Once I stayed overnight in Omaha, Nebraska, because my flight got in late, and I don’t trust myself to drive the three-hour trip home when I am tired. I decided to take my morning walk over the nearby Bob Kerrey Pedestrian Bridge that connects Omaha with Council Bluffs, Iowa. It is a graceful structure that spans the muddy Missouri River as it meanders past the city.
Halfway across the bridge I noticed a line painted on the concrete, with “Nebraska” written on one side and “Iowa” on the other. I couldn’t resist straddling it as I looked down at the river for a few moments.
Did one leg feel warmer or heavier than the other? Of course not. Even though I was officially in two places at once, I didn’t feel any different than I did in one state or the other. In fact, as I drove back to my hotel, I was going back and forth between Omaha, Nebraska and Carter Lake, Iowa, not knowing when I was crossing the lines. I remember when my kids were small, we’d say “Woohoo!” when we went over a state line. We never would have noticed it if there hadn’t been a sign to tell us we were crossing the border. On the pedestrian bridge, and in the car, the scenery along the way and the people traveling through are much more vibrant and fascinating than a line on a map.
Trinity Sunday is upon us, and my head has been very much in the clouds, pondering the mystery of God as Three-in-One and what that has to do with our humble feet-on-the-ground selves. Add the Lutheran Affirmation of Baptism being celebrated today in the congregation I serve, our celebration of the Eucharist, and the fact that it is my second-to-last Sunday with these beloved people. Spiritually and emotionally speaking, if I had four feet, they would each be in a separate state today!
The manmade structure of a pedestrian bridge spanning the river with its reminder on the walkway of the cartographers’ border is an image I am recalling as I ponder the Trinity and baptism this weekend. To what degree is the doctrine of the Trinity a human construct? Certainly the mystery that we call God existed before the three-in-one concept was posited by the church.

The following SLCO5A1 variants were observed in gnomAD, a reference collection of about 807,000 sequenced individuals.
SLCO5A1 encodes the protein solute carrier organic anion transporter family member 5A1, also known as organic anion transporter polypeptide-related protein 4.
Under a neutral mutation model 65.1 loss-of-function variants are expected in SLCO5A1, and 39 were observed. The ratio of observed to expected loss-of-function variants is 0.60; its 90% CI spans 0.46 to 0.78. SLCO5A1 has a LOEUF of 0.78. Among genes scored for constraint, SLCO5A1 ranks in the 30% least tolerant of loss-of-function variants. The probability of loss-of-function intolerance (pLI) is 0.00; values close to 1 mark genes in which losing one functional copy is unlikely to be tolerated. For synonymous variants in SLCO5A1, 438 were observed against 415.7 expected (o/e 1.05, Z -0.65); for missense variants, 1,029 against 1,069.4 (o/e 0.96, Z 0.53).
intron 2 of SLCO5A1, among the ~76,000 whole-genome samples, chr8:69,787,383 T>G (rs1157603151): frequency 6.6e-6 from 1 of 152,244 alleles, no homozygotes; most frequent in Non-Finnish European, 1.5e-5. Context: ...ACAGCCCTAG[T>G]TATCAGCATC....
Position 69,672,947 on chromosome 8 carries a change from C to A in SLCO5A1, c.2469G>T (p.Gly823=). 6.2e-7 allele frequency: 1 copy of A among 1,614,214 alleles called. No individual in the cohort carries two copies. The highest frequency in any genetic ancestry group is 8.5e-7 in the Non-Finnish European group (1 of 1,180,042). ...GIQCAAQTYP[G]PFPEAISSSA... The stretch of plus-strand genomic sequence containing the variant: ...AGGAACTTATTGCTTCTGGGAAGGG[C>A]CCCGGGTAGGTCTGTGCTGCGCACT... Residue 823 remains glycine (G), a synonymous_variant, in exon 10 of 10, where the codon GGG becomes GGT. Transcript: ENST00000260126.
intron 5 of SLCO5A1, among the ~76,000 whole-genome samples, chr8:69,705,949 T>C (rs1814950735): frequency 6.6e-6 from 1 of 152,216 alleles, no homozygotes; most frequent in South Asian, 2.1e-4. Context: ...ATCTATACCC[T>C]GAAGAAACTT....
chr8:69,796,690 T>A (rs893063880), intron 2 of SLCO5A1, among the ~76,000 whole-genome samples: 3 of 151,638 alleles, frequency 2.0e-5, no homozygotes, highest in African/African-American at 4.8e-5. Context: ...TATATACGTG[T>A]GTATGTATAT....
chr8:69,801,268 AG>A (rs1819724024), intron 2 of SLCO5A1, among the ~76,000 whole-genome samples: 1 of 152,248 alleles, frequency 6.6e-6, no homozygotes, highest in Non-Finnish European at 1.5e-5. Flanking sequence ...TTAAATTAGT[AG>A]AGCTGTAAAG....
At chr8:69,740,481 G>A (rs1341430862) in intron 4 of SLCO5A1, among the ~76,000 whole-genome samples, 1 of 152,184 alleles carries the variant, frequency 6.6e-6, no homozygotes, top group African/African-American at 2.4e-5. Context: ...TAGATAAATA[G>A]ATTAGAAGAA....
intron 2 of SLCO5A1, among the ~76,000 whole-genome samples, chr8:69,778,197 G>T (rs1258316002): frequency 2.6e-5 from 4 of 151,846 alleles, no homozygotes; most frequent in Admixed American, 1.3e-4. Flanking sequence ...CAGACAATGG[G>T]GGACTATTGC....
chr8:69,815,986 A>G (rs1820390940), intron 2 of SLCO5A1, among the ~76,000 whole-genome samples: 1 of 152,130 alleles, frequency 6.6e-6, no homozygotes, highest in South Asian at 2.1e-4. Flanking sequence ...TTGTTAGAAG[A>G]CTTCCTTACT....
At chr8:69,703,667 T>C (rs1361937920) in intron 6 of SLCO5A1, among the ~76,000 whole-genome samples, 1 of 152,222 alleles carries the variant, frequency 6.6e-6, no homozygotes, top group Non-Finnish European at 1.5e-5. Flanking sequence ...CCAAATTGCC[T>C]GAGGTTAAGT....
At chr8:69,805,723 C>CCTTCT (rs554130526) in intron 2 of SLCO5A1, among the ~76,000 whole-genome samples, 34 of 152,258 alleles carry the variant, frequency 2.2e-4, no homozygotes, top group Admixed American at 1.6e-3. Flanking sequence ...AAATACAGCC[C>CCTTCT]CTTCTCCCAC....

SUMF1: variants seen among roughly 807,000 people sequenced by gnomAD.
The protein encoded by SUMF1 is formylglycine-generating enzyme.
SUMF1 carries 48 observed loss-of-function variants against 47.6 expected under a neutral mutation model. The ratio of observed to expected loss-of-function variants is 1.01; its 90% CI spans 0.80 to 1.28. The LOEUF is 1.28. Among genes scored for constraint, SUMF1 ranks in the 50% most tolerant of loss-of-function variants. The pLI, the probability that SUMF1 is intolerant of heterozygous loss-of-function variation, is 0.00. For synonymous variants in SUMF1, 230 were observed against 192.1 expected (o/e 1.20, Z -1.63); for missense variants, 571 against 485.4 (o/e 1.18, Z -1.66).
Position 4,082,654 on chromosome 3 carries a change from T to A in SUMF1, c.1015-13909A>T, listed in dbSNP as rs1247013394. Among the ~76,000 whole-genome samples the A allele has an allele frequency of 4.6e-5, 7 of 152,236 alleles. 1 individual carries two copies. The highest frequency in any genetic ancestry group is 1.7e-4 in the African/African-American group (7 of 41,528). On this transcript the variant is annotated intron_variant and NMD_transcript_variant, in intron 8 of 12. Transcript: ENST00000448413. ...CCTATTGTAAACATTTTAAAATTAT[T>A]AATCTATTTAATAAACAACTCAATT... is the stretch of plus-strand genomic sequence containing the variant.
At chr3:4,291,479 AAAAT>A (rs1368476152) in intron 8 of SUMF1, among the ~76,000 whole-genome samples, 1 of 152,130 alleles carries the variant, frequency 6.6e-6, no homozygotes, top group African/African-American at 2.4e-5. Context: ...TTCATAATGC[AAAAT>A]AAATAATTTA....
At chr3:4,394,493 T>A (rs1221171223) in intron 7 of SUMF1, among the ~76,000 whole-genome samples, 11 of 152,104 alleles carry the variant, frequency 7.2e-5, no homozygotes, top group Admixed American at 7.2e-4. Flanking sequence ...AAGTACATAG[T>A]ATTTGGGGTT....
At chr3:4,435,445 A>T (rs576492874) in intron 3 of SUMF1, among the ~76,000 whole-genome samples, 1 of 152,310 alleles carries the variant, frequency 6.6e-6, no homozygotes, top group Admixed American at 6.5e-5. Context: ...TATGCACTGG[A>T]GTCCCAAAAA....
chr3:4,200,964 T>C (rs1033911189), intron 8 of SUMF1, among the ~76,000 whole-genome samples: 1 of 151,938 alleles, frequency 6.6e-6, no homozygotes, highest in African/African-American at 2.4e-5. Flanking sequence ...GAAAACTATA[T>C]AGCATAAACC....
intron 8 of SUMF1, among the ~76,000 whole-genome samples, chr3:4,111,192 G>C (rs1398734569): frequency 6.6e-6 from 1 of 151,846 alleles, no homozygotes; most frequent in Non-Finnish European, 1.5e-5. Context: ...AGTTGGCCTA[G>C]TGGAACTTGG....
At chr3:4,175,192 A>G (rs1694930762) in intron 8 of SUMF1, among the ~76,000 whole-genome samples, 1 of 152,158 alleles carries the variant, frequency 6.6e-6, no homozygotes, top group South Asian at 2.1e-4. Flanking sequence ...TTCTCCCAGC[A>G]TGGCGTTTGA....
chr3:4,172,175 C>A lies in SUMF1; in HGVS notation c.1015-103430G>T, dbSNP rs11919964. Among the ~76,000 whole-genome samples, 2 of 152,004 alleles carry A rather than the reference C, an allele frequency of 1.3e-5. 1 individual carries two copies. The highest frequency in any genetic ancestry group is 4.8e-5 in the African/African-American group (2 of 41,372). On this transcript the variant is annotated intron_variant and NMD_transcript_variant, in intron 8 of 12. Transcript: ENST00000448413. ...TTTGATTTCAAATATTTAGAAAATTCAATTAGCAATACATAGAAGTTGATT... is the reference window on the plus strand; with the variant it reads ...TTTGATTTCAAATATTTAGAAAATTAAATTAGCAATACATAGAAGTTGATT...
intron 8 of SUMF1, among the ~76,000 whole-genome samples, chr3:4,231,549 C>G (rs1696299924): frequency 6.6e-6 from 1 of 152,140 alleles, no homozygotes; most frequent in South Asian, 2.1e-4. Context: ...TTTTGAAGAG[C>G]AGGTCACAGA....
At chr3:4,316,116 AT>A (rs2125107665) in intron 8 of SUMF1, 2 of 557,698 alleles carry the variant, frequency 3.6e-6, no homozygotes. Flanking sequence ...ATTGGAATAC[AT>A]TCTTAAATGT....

I wonder if the Trinity is as much mystery as we can handle, and there is far more to God’s being that escapes our peripheral vision. Could it be that Rublev’s “Troista” is a detail in a much larger picture?
No matter. The Trinity is enough for us, more than enough for us to ponder and appreciate in a lifetime. Meanwhile, our experience of the Holy One is where the life is. The theological surveyors help us find the river and delineate the territory of orthodoxy, but that is the limit of their work.
We invoke the Holy Three in the ritual of baptism, baptizing “in the name of the Father, and of the Son, and of the Holy Spirit.” I will say it again as today’s confirmand Emily kneels at the communion rail, my right hand on her head along with the hands of her parents and sponsors. The rite will have me praying that the Holy Spirit’s fullness be embodied in her as she continues her life of faith.
The baptismal waters will carry her along with the rest of us. They flow as a river unmarked by political borders, insistent on moving us forward, slowly carving out new territory in its own wise direction. It offers life to the creatures within and to the lands along its borders. It carries away detritus from the land and bears to new places downriver those who accept its invitation to ride its current.
Living in the mysterious presence of Creator/Redeemer/Sustainer is a rich life and doesn’t require any understanding of how the three are one and the one are three. The only theology Emily needs to know when she rises from her bed tomorrow is the sense that it is God who has raised her out of the deadliness of sin to the life that is truly life, that her humble boat is kept afloat by the waters of her baptism, and that the scenery along the way is hers to enjoy in the abiding presence of the Holy One whose love is not constrained by any human boundary.